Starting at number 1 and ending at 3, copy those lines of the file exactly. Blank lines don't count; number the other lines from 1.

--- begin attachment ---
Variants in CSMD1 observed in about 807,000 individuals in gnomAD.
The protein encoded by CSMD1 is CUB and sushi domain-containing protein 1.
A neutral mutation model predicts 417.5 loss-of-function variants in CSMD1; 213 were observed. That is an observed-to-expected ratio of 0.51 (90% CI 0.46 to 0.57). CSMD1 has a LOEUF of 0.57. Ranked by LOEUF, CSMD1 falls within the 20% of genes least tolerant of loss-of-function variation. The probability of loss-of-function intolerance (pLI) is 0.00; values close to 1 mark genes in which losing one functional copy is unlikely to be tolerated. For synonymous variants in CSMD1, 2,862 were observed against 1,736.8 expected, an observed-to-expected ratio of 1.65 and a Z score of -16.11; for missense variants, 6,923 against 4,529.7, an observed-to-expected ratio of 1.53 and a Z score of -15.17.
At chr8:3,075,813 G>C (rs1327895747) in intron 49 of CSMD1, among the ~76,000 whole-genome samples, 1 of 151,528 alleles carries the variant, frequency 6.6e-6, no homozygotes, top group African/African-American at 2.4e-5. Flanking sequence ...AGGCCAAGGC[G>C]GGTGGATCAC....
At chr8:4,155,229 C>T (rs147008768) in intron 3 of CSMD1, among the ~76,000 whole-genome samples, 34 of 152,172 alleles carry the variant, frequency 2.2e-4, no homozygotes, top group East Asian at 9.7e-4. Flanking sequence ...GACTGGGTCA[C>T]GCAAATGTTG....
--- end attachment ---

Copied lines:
Variants in CSMD1 observed in about 807,000 individuals in gnomAD.
The protein encoded by CSMD1 is CUB and sushi domain-containing protein 1.
A neutral mutation model predicts 417.5 loss-of-function variants in CSMD1; 213 were observed. That is an observed-to-expected ratio of 0.51 (90% CI 0.46 to 0.57). CSMD1 has a LOEUF of 0.57. Ranked by LOEUF, CSMD1 falls within the 20% of genes least tolerant of loss-of-function variation. The probability of loss-of-function intolerance (pLI) is 0.00; values close to 1 mark genes in which losing one functional copy is unlikely to be tolerated. For synonymous variants in CSMD1, 2,862 were observed against 1,736.8 expected, an observed-to-expected ratio of 1.65 and a Z score of -16.11; for missense variants, 6,923 against 4,529.7, an observed-to-expected ratio of 1.53 and a Z score of -15.17.